DNS Forwarders

Posted on 2005-03-18
Medium Priority
Last Modified: 2012-06-21
I'm studying "DNS on Windows Server 2003" (O'Reilly 2004) to get a final grip on DNS.

As I understand it, now, a forwarding name server will use its forwarders first (given it can't resolve the query with cache or zone data), and if the forwarders are unreachable, the forwarding name server will go for the root hints. That's how I understand the following:

"...the [forwarding] name server sends the query to its configured forwarders and waits a short period for an answer before resuming normal operation and contacting the remote servers itself. What the name server is doing that's different is sending a recursive query to the forwarder, expecting it to find the answer. At all other times, the name server sends out nonrecursive queries to other name servers and deals with responses that refer only to other name servers." (p. 230)

There's the option to make the forwarding name server a "forward-only name server", by checking the "Do not use recursion for this domain" box in the Forwarders configuration tab (a check box with "confusing terminology", but never mind). The writers say:

"If you want to restrict your name servers even further -- stopping them from even trying to contact an off-site server if their forwarder is down or doesn't respond. You can do this by telling the server not to fall back to using the recursive resolution process if no forwarders respond: check the "Do not use recursion for this domain" box on the "Forwarders" configuration tab." (pp. 231-232)

My question concerns this sentence: "You can do this by telling the server not to *fall back to using the recursive resolution* process if no forwarders respond..."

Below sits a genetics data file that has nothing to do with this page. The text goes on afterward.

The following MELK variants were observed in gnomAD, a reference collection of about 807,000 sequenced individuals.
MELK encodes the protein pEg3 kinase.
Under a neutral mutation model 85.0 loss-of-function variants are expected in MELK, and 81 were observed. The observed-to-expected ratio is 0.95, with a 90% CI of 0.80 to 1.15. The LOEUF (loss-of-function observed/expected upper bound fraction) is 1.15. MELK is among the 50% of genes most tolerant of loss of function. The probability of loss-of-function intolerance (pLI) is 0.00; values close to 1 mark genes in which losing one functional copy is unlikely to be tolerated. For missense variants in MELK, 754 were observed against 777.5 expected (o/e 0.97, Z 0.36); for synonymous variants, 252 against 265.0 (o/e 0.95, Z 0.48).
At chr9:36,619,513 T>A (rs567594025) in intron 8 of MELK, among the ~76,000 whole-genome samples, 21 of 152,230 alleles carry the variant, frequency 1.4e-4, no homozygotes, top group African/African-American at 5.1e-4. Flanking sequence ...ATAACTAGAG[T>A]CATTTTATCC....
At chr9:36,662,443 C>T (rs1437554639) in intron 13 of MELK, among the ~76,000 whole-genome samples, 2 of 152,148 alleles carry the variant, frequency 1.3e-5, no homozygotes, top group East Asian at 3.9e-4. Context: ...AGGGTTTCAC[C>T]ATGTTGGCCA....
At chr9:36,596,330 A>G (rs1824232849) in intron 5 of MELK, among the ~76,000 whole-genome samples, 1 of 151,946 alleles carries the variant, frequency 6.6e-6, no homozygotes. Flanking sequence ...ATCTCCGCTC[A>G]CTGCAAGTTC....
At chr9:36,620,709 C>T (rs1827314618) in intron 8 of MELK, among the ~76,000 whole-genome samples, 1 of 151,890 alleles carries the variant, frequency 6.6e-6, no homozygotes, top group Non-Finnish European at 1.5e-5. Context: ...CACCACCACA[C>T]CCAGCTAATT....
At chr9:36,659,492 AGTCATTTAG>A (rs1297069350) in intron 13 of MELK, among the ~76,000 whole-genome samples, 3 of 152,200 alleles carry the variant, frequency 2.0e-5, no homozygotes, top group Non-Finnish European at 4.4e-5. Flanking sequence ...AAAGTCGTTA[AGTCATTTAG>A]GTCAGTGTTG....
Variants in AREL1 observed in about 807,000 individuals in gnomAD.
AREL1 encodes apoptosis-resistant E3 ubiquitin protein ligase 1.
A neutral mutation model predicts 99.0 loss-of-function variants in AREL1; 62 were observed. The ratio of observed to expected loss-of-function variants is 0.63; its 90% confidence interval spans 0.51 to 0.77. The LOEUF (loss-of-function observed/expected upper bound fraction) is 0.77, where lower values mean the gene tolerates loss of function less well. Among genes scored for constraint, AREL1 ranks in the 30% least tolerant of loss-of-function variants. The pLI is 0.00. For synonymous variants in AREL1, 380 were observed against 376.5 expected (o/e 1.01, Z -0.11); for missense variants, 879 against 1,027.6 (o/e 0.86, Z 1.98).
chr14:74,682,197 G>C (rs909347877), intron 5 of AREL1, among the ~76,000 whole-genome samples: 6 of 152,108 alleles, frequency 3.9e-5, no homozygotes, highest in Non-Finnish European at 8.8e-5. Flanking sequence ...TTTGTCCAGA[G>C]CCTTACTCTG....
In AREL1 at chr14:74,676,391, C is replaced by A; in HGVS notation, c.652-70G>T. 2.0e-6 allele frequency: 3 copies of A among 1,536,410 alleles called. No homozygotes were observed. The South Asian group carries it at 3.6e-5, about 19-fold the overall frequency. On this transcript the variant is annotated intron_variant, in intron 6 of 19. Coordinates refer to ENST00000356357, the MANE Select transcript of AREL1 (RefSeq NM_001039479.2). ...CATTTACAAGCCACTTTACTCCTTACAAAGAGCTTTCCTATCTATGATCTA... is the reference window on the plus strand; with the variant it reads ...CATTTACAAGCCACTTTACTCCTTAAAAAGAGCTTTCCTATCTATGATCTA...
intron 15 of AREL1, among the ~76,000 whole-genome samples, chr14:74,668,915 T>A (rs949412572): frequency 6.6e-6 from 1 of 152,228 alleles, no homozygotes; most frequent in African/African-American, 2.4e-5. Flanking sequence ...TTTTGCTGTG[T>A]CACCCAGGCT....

Shouldn't it say: "... fall back to using the *nonrecursive* resolution." As I understand it, if the forwarders aren't responding, the forwarding name server will use the root hints, and the root hints query is by definition nonrecursive.

Am I right?

Question by:DiamondJoe
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Expert Comment

ID: 13573681
Good places to understand it...



Recursive means I ask you, you go find out answer and tell me.

Opposite is iterative: I ask you, you tell me which name server I go to to find the answer myself.

Author Comment

ID: 13575269
Thanks for the links, the first one was great fun and also confirms my point. As far as I know, in the scenario above, where the forwarders aren't answering the forwarding name server, the forwarding name server would fall back to using the nonrecursive (or iterative) resolution using the root name server, not fall back to recursive resolution, as the writers states in the book I quoted.

I'm asking since this book is very highly respected and printed in numerous editions (with slightly different titles), wherefore I can't just ignore this strange statement as simply incorrect.

Accepted Solution

minmei earned 750 total points
ID: 13575769
nslookup is a wonderful thing.

you can use it as a tool to check the answer.

Each nslookup request defaults to recursion. this means it will ask until it finds the answer, then deliver it back.

When you do a set norecurse, you see only the next authoritative nameserver. This is why it's called iterative. You can go to the roots, then get to the authoritative nameserver, then ask it for the answer, just like the dns server would.

Highly respected does _not_ mean error free.  Play with nslookup.  Find your forwarding server from your ISP, use it to run both recursive and non-recursive queries.

Here's the help on the win2k3 dns checkbox for "do not use recursion..."

Specify that the DNS server not attempt any _further_ recursion if the forwarders fail. If the forwarding servers fail to resolve, a failure message is returned.

Bad checkbox name. Bad explanation from the book. It just means it will stop if the forwarders fail. Has _nothing_ to do with recursive or iterative queries.

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